I understand that in a broad movement, gathered together ideologically but not always agreeing, compromises will need to be made. I am becoming less and less understanding, however, about how often the white, heterosexual, cis, non-disabled men are asked to compromise, in comparison to the rest of us. Because being called divisive is sometimes very similar to being silenced.

This was originally posted at The F-Word.

[The image is a black and white close-up photograph of a person's mouth, with piercing, with a finger held up against it in a 'shush' position. It was taken by Ko_An and is used under a Creative Commons Licence]

Friday, November 18, 2011

Procrastination Podcast and Book

Anyone who knows me knows that I am a chronic procrastinator. In an effort to improve this really stressful trait in my life I have been reading up and studying all about it, and one of the best resources I have found is the iProcrastinate Podcast. I have been listening to the whole back catalogue over the last couple of months, and trying to implement some of the strategies that Dr. Tim Pychyl recommends and explains.

Since my year in France, as part of my degree, I've always wondered why French people apparently do not procrastinate. They don't even have a word for it (dictionary said, "faire quelquechose demain qu'on devrait faire aujourd'hui" - do something tomorrow that you should do today). So, as Tim sometimes answers listener queries on his podcast, I decided to email him. To my very pleasant surprise, he responded quickly and has now made a podcast episode all about it.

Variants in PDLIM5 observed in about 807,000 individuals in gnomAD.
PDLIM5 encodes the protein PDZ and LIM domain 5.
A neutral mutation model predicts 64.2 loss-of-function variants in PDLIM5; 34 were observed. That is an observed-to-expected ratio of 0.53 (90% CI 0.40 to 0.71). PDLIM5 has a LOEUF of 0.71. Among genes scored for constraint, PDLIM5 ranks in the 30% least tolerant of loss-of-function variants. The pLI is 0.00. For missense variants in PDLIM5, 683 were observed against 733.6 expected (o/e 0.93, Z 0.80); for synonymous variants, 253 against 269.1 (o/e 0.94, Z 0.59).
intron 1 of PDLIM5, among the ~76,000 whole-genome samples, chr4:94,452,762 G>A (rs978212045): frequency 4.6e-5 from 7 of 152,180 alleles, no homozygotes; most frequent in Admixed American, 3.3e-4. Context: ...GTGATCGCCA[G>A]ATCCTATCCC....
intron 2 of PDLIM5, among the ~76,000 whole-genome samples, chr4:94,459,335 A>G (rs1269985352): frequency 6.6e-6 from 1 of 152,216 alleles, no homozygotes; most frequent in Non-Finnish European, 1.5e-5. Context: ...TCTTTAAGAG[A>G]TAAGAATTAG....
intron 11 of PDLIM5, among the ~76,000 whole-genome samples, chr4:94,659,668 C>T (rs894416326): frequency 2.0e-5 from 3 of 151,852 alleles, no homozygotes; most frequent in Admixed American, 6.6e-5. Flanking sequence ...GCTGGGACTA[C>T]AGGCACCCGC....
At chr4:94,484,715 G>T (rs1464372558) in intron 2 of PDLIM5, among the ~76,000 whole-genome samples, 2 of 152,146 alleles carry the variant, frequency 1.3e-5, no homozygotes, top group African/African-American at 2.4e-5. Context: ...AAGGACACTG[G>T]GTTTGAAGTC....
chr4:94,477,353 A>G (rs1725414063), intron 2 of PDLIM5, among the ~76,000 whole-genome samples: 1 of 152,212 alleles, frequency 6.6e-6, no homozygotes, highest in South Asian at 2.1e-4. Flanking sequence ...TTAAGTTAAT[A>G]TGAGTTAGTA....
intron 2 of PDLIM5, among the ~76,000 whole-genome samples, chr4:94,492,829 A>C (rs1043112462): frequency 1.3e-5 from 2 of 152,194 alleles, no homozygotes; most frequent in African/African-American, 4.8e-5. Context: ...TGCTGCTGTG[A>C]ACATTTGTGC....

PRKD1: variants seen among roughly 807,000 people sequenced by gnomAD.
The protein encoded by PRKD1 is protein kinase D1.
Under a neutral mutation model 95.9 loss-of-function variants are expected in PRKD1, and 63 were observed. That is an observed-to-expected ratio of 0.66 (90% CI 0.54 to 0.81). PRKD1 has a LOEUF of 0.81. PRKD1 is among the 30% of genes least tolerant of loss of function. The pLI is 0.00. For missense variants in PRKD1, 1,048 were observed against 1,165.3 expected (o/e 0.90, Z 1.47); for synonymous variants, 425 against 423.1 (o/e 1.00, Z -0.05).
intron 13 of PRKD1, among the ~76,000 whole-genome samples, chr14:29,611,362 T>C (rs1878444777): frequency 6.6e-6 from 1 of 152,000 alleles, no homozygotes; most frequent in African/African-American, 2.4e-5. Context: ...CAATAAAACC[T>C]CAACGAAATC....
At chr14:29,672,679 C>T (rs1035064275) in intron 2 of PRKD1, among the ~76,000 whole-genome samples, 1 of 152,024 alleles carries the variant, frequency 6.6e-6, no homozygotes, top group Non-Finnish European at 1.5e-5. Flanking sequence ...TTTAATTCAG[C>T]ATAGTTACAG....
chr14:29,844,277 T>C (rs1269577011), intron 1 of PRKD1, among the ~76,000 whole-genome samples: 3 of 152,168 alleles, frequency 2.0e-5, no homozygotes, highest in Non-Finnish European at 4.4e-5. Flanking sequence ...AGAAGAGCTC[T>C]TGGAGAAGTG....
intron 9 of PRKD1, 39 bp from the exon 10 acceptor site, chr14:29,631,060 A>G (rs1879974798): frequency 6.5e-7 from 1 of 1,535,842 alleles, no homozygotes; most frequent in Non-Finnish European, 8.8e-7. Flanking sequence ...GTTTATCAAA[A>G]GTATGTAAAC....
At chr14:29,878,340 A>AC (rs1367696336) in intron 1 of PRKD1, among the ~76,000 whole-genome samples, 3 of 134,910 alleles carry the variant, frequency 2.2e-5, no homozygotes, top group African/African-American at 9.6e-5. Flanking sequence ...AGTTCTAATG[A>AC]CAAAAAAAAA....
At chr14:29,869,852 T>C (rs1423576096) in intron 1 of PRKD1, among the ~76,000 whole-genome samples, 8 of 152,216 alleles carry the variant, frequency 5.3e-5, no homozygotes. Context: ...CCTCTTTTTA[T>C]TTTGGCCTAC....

I am very much looking forward to listening to it, and you should go listen too! Go on, it'll be good, I promise.

Tim has also written an awesome book, The Procrastinator's Digest, (also on Kindle for only a few pennies over £2!) and you can see his website here.

[The image is a photomosaic of 36 clocks. It was taken by Leo Reynolds and is used under a Creative Commons Licence]

Thursday, November 17, 2011

Disability and Sexuality Resources

I have been doing some research on sex and disability, and thought I would share some of the links I have found. This will be useful for me in the future as a resource, and hopefully to others too.

Tuesday, November 15, 2011

A well-loved man.